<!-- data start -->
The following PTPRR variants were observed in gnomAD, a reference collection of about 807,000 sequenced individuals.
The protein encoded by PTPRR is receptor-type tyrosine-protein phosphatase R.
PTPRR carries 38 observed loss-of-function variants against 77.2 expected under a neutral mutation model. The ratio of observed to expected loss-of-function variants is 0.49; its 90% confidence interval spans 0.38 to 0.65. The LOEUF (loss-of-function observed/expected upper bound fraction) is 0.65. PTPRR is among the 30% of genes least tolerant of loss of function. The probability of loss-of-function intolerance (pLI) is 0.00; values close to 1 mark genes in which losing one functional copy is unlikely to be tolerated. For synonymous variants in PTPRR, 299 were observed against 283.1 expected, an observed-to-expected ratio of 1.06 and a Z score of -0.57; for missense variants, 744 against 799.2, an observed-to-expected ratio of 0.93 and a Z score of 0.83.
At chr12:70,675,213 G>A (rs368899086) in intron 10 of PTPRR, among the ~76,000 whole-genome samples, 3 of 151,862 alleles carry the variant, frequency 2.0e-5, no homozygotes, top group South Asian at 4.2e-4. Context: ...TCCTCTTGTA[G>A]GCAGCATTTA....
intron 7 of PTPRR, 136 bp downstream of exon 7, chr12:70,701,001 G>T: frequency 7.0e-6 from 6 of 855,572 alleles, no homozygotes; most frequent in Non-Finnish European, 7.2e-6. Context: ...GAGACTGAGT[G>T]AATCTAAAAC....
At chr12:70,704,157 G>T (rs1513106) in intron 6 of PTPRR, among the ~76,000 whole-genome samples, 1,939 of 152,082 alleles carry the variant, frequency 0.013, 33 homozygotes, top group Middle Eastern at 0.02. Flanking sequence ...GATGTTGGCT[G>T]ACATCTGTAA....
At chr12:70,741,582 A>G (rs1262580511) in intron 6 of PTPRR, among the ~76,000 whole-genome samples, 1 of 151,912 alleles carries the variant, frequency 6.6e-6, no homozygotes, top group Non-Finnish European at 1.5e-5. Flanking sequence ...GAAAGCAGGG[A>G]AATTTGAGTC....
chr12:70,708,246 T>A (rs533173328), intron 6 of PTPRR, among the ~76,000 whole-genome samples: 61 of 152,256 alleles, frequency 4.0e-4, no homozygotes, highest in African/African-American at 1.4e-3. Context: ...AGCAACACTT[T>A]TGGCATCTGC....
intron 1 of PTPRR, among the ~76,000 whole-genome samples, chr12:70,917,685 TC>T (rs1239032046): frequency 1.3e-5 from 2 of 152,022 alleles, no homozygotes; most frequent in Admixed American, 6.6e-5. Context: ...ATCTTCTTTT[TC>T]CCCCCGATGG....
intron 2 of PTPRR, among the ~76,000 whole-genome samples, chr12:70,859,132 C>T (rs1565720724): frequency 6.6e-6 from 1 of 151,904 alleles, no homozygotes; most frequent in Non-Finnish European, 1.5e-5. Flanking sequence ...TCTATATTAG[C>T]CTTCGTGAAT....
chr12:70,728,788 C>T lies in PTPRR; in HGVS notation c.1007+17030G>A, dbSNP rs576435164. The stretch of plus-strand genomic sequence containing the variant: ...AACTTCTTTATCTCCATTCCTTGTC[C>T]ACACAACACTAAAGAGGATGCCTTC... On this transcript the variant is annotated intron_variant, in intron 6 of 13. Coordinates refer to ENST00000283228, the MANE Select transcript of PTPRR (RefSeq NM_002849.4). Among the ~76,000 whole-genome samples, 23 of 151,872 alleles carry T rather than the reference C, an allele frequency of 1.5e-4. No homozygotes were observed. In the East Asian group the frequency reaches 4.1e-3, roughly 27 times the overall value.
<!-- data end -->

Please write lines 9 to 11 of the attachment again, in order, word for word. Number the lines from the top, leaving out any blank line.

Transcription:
intron 1 of PTPRR, among the ~76,000 whole-genome samples, chr12:70,917,685 TC>T (rs1239032046): frequency 1.3e-5 from 2 of 152,022 alleles, no homozygotes; most frequent in Admixed American, 6.6e-5. Context: ...ATCTTCTTTT[TC>T]CCCCCGATGG....
intron 2 of PTPRR, among the ~76,000 whole-genome samples, chr12:70,859,132 C>T (rs1565720724): frequency 6.6e-6 from 1 of 151,904 alleles, no homozygotes; most frequent in Non-Finnish European, 1.5e-5. Flanking sequence ...TCTATATTAG[C>T]CTTCGTGAAT....
chr12:70,728,788 C>T lies in PTPRR; in HGVS notation c.1007+17030G>A, dbSNP rs576435164. The stretch of plus-strand genomic sequence containing the variant: ...AACTTCTTTATCTCCATTCCTTGTC[C>T]ACACAACACTAAAGAGGATGCCTTC... On this transcript the variant is annotated intron_variant, in intron 6 of 13. Coordinates refer to ENST00000283228, the MANE Select transcript of PTPRR (RefSeq NM_002849.4). Among the ~76,000 whole-genome samples, 23 of 151,872 alleles carry T rather than the reference C, an allele frequency of 1.5e-4. No homozygotes were observed. In the East Asian group the frequency reaches 4.1e-3, roughly 27 times the overall value.